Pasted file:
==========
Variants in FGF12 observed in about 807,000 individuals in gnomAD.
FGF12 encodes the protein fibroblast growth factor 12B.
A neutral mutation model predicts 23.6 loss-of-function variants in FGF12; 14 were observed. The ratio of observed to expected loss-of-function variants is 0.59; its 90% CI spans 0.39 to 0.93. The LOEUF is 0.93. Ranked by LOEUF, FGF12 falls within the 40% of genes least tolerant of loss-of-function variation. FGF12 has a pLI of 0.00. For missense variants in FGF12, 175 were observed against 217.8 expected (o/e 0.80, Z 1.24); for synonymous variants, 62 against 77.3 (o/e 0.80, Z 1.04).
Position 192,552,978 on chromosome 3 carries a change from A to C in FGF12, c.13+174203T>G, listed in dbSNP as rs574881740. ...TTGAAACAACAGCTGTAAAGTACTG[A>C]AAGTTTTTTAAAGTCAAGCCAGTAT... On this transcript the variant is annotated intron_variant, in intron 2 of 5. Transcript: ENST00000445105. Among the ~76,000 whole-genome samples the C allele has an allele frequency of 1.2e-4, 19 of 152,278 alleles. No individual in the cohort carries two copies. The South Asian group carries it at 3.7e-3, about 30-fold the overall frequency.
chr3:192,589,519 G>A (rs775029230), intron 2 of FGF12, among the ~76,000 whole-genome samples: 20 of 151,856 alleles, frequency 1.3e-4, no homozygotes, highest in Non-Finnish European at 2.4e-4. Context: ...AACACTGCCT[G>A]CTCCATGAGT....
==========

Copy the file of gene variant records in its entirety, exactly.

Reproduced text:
Variants in FGF12 observed in about 807,000 individuals in gnomAD.
FGF12 encodes the protein fibroblast growth factor 12B.
A neutral mutation model predicts 23.6 loss-of-function variants in FGF12; 14 were observed. The ratio of observed to expected loss-of-function variants is 0.59; its 90% CI spans 0.39 to 0.93. The LOEUF is 0.93. Ranked by LOEUF, FGF12 falls within the 40% of genes least tolerant of loss-of-function variation. FGF12 has a pLI of 0.00. For missense variants in FGF12, 175 were observed against 217.8 expected (o/e 0.80, Z 1.24); for synonymous variants, 62 against 77.3 (o/e 0.80, Z 1.04).
Position 192,552,978 on chromosome 3 carries a change from A to C in FGF12, c.13+174203T>G, listed in dbSNP as rs574881740. ...TTGAAACAACAGCTGTAAAGTACTG[A>C]AAGTTTTTTAAAGTCAAGCCAGTAT... On this transcript the variant is annotated intron_variant, in intron 2 of 5. Transcript: ENST00000445105. Among the ~76,000 whole-genome samples the C allele has an allele frequency of 1.2e-4, 19 of 152,278 alleles. No individual in the cohort carries two copies. The South Asian group carries it at 3.7e-3, about 30-fold the overall frequency.
chr3:192,589,519 G>A (rs775029230), intron 2 of FGF12, among the ~76,000 whole-genome samples: 20 of 151,856 alleles, frequency 1.3e-4, no homozygotes, highest in Non-Finnish European at 2.4e-4. Context: ...AACACTGCCT[G>A]CTCCATGAGT....